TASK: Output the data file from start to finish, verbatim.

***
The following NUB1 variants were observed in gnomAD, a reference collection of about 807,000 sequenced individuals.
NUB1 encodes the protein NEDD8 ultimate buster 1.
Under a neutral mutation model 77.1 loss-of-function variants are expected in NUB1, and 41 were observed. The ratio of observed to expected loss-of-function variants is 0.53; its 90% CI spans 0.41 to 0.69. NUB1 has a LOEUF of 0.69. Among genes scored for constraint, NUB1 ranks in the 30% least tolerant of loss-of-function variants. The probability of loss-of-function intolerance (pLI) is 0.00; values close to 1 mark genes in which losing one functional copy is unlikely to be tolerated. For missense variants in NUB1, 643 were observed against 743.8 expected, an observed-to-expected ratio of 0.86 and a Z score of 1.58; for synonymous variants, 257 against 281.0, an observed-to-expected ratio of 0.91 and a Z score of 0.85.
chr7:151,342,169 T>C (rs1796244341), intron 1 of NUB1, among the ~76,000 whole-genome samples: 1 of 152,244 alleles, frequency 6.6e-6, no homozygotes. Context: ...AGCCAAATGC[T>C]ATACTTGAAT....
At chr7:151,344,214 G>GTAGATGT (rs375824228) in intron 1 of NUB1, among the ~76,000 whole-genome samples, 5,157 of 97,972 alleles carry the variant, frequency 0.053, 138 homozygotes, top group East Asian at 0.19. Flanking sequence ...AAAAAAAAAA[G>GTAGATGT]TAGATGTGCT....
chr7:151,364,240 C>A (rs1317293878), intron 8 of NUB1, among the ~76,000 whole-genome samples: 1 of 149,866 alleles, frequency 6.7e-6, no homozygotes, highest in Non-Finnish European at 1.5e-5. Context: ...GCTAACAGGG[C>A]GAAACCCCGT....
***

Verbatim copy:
The following NUB1 variants were observed in gnomAD, a reference collection of about 807,000 sequenced individuals.
NUB1 encodes the protein NEDD8 ultimate buster 1.
Under a neutral mutation model 77.1 loss-of-function variants are expected in NUB1, and 41 were observed. The ratio of observed to expected loss-of-function variants is 0.53; its 90% CI spans 0.41 to 0.69. NUB1 has a LOEUF of 0.69. Among genes scored for constraint, NUB1 ranks in the 30% least tolerant of loss-of-function variants. The probability of loss-of-function intolerance (pLI) is 0.00; values close to 1 mark genes in which losing one functional copy is unlikely to be tolerated. For missense variants in NUB1, 643 were observed against 743.8 expected, an observed-to-expected ratio of 0.86 and a Z score of 1.58; for synonymous variants, 257 against 281.0, an observed-to-expected ratio of 0.91 and a Z score of 0.85.
chr7:151,342,169 T>C (rs1796244341), intron 1 of NUB1, among the ~76,000 whole-genome samples: 1 of 152,244 alleles, frequency 6.6e-6, no homozygotes. Context: ...AGCCAAATGC[T>C]ATACTTGAAT....
At chr7:151,344,214 G>GTAGATGT (rs375824228) in intron 1 of NUB1, among the ~76,000 whole-genome samples, 5,157 of 97,972 alleles carry the variant, frequency 0.053, 138 homozygotes, top group East Asian at 0.19. Flanking sequence ...AAAAAAAAAA[G>GTAGATGT]TAGATGTGCT....
chr7:151,364,240 C>A (rs1317293878), intron 8 of NUB1, among the ~76,000 whole-genome samples: 1 of 149,866 alleles, frequency 6.7e-6, no homozygotes, highest in Non-Finnish European at 1.5e-5. Context: ...GCTAACAGGG[C>A]GAAACCCCGT....